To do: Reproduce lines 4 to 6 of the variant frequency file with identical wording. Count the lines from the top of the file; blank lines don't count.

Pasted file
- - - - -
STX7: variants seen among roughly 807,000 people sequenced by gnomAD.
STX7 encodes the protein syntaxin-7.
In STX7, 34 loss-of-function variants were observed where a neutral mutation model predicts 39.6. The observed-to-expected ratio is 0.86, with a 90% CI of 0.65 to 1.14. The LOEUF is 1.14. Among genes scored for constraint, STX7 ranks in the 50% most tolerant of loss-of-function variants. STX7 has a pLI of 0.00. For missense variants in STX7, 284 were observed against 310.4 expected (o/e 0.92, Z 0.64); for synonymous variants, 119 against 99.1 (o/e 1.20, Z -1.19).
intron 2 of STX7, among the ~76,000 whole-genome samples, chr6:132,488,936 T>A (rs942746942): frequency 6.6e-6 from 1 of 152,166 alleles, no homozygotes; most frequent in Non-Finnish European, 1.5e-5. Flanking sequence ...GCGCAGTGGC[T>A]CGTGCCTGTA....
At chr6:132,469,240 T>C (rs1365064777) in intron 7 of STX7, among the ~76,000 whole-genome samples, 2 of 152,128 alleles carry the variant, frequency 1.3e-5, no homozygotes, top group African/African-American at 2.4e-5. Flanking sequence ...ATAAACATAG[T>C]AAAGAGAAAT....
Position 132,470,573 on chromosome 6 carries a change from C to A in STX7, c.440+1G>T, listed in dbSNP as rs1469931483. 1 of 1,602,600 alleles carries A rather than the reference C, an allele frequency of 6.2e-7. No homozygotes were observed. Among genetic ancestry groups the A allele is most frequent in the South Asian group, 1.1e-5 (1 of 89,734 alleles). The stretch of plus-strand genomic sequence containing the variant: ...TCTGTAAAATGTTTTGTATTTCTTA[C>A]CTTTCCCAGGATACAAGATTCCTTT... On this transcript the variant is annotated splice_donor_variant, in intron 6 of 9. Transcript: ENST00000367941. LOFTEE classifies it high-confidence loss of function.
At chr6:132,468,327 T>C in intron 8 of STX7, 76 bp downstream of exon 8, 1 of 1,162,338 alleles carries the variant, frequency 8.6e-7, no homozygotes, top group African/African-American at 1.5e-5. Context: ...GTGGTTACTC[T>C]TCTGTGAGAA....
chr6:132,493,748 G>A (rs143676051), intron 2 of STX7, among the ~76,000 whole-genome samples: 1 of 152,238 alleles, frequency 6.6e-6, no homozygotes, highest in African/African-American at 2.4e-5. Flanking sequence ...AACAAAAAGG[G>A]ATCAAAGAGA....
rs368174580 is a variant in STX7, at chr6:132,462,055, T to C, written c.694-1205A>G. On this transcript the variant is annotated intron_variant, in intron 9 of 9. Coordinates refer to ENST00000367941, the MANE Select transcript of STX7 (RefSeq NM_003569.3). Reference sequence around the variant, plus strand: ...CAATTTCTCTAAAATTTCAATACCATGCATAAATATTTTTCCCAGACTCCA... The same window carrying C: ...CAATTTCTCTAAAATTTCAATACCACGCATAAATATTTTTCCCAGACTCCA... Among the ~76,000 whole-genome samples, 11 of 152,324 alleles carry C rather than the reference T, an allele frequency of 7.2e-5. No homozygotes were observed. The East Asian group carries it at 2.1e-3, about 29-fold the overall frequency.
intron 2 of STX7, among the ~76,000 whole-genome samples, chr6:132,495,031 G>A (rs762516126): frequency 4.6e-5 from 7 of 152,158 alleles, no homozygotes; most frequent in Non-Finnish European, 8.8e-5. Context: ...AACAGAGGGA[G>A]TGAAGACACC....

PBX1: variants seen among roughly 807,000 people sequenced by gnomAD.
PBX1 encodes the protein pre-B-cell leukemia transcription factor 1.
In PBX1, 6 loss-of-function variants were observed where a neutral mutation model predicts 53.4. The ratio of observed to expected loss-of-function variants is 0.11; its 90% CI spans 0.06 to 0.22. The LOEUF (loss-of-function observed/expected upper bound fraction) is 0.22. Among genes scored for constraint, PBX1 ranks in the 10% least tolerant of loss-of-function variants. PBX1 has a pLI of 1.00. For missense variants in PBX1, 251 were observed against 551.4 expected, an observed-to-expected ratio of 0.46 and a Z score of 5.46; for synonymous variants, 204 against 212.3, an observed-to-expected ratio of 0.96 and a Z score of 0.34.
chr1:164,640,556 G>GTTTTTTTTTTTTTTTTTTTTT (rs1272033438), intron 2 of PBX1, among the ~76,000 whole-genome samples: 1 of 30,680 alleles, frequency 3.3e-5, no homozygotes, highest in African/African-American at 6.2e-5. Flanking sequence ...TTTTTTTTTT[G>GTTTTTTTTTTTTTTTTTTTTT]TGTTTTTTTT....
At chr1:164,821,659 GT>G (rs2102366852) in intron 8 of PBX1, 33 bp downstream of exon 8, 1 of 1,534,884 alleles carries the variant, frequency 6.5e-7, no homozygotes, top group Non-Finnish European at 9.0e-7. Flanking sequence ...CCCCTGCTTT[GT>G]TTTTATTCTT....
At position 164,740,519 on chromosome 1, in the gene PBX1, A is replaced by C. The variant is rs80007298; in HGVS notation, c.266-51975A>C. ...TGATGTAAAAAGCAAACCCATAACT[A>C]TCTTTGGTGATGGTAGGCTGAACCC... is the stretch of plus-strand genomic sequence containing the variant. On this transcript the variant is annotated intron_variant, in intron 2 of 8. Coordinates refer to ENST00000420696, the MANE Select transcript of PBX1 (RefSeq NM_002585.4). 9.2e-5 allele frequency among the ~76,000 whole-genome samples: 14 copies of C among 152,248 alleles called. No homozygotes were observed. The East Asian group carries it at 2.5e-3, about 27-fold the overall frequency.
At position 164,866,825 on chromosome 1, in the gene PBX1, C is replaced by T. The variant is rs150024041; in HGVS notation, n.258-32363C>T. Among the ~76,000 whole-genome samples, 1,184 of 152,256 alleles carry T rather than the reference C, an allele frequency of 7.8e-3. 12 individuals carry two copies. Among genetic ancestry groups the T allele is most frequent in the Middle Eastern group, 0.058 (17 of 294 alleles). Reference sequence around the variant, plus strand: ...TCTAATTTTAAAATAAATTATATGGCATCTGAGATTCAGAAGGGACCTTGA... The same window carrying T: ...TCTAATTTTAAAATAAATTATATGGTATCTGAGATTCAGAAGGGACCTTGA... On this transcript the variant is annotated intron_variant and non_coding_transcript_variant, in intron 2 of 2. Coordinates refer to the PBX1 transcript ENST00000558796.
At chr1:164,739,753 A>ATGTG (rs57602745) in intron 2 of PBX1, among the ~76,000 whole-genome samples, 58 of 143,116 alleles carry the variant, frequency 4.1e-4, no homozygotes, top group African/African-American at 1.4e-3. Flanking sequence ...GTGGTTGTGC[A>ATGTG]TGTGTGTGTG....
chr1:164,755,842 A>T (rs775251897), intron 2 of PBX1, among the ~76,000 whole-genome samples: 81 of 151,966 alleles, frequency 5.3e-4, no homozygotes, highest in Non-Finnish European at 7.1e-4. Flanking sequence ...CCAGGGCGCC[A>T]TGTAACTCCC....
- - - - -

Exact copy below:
intron 2 of STX7, among the ~76,000 whole-genome samples, chr6:132,488,936 T>A (rs942746942): frequency 6.6e-6 from 1 of 152,166 alleles, no homozygotes; most frequent in Non-Finnish European, 1.5e-5. Flanking sequence ...GCGCAGTGGC[T>A]CGTGCCTGTA....
At chr6:132,469,240 T>C (rs1365064777) in intron 7 of STX7, among the ~76,000 whole-genome samples, 2 of 152,128 alleles carry the variant, frequency 1.3e-5, no homozygotes, top group African/African-American at 2.4e-5. Flanking sequence ...ATAAACATAG[T>C]AAAGAGAAAT....
Position 132,470,573 on chromosome 6 carries a change from C to A in STX7, c.440+1G>T, listed in dbSNP as rs1469931483. 1 of 1,602,600 alleles carries A rather than the reference C, an allele frequency of 6.2e-7. No homozygotes were observed. Among genetic ancestry groups the A allele is most frequent in the South Asian group, 1.1e-5 (1 of 89,734 alleles). The stretch of plus-strand genomic sequence containing the variant: ...TCTGTAAAATGTTTTGTATTTCTTA[C>A]CTTTCCCAGGATACAAGATTCCTTT... On this transcript the variant is annotated splice_donor_variant, in intron 6 of 9. Transcript: ENST00000367941. LOFTEE classifies it high-confidence loss of function.